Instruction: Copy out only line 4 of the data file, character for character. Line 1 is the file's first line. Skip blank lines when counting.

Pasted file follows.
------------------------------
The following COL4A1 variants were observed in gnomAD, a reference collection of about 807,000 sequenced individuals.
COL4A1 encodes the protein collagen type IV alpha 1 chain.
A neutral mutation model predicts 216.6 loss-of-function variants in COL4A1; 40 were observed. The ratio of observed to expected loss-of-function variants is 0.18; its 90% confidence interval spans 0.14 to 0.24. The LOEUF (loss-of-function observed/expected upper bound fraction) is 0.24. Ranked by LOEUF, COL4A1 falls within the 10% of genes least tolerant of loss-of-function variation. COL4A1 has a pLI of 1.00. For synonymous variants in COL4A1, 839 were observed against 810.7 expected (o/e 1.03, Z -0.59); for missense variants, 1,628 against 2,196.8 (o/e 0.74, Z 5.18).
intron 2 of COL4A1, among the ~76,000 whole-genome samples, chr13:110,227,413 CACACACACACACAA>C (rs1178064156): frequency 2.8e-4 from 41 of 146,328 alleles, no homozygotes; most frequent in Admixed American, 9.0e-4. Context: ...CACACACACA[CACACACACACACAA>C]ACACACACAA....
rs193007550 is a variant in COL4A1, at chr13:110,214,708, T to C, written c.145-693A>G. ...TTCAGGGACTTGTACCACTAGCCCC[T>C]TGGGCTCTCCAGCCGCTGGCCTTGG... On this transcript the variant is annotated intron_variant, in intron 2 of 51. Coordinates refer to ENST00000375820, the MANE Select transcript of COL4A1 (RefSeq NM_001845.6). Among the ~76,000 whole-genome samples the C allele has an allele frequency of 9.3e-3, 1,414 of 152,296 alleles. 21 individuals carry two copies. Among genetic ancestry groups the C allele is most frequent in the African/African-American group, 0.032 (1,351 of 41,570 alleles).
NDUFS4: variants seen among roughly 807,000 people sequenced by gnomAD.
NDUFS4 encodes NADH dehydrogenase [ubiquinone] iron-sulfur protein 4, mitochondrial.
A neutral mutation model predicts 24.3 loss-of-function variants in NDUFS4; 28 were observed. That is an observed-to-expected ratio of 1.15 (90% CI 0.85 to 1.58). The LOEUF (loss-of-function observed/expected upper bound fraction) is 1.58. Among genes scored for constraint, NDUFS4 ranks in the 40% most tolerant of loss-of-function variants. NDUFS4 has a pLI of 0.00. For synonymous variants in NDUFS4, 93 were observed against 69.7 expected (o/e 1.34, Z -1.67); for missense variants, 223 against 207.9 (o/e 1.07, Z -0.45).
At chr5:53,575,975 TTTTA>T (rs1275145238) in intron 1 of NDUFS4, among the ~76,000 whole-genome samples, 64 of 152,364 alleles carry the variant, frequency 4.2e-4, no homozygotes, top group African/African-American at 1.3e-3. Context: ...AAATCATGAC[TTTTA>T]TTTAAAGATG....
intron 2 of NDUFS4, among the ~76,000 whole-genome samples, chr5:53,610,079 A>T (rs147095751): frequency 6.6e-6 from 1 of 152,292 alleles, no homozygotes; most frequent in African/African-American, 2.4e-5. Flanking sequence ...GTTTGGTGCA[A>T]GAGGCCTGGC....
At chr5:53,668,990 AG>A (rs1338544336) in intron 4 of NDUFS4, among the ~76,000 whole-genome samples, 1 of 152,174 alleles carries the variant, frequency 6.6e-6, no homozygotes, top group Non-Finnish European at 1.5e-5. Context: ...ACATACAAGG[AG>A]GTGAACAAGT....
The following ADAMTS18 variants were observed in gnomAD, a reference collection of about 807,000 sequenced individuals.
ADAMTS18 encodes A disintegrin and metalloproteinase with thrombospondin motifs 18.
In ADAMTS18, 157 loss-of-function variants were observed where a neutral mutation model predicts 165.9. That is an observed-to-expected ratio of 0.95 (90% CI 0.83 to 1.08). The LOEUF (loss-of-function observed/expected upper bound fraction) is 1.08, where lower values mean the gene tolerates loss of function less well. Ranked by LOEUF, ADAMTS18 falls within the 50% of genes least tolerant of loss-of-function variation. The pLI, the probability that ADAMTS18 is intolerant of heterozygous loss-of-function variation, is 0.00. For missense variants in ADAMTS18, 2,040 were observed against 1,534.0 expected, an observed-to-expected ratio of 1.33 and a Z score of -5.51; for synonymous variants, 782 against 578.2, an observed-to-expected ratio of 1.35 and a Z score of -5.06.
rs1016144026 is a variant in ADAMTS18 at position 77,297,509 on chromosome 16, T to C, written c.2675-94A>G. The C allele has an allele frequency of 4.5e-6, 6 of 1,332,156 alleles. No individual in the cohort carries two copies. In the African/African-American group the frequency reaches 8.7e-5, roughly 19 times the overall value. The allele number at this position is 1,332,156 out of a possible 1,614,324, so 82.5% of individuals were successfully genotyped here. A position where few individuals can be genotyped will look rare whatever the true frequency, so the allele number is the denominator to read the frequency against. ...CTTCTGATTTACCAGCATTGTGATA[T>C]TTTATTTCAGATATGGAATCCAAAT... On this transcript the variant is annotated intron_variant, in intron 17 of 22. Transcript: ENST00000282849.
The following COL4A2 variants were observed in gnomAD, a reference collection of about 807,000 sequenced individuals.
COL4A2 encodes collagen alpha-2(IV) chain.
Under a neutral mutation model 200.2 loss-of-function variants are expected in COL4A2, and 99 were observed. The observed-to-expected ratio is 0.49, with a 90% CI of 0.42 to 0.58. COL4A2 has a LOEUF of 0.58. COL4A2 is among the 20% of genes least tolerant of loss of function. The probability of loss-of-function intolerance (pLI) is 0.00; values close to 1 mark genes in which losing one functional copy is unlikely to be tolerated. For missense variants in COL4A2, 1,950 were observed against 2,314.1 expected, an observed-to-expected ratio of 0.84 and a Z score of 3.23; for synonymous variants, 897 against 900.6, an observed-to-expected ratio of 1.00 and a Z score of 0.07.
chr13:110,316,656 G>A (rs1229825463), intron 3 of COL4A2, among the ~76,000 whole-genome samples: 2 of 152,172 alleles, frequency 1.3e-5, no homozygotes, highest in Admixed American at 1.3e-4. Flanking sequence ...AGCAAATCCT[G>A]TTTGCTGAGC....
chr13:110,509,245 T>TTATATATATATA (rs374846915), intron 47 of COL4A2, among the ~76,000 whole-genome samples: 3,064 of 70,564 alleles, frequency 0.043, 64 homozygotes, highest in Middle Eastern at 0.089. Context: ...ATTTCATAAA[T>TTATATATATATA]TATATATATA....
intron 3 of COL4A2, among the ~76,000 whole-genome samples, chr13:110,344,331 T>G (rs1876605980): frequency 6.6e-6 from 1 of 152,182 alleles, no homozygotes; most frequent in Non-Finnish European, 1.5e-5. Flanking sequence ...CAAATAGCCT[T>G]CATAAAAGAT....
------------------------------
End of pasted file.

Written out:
intron 2 of COL4A1, among the ~76,000 whole-genome samples, chr13:110,227,413 CACACACACACACAA>C (rs1178064156): frequency 2.8e-4 from 41 of 146,328 alleles, no homozygotes; most frequent in Admixed American, 9.0e-4. Context: ...CACACACACA[CACACACACACACAA>C]ACACACACAA....